During the late '80s, Circus of Power led the New York sleaze rock pack. The problem is that all the genre's action was happening on the West Coast. L.A. Guns and Faster Pussycat were sopping up whatever grimy leftovers that Guns N' Roses and Mötley Crüe were leaving behind, and L.A. bands also dominated the rest of the country's underground glam scene. If you really wanted to make gutter rock, L.A. was Mecca, and to practice it anywhere else meant your heart (and home) really wasn't in the right place. Considering this, it isn't surprising that Circus of Power's sleazy, but distinctly New York tough-guy attitude didn't generally impress the sizable American glam/sleaze audiences of the times. The band were definitely embarking on an uphill climb (considering their distant proximity to the post-glam epicenter) and their generally unremarkable songwriting did nothing to lighten the load. Singer Alex Mitchell's Ian Astbury-influenced vocal style is a refreshing change of pace when compared to the whimpering tunelessness of many similar band's frontmen, but that's about all these guys had going for them. Joining Mitchell on this 1988 RCA debut were Ryan Maher on drums, guitarist Rickey Beck Maler, and bassist Gary Sunshine. Together, the musicians of Circus of Power offer few memorable riffs or rhythmic energy to support Mitchell's vocal swagger, and the lyrics never reach beyond the standard hard-drinking, goofy sexualized imagery of standard sleaze rock. During bright spots like "In the Wind" and "Machine" the band establishes some live-fast-die-young momentum, but there are too many forgettable songs on Circus of Power to warrant any kind of recommendation.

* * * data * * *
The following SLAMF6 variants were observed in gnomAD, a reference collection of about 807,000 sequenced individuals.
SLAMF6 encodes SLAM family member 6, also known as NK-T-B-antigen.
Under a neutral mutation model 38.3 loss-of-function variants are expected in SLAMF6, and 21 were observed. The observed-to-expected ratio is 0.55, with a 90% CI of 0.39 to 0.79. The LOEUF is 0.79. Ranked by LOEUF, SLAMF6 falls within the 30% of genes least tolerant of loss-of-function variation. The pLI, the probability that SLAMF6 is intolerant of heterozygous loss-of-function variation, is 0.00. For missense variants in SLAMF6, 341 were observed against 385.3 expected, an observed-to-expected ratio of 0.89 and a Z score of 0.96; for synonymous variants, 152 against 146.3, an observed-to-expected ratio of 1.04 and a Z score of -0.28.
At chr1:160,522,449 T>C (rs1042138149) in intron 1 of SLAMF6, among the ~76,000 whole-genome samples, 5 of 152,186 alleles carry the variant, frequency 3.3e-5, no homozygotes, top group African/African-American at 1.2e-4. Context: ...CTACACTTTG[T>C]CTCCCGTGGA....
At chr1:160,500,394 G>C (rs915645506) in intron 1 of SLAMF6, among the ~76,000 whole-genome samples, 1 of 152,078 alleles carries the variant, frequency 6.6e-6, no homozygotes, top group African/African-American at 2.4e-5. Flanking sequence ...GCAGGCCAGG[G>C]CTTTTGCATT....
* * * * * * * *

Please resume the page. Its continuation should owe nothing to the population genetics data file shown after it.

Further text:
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AllMusic Review by Vincent Jeffries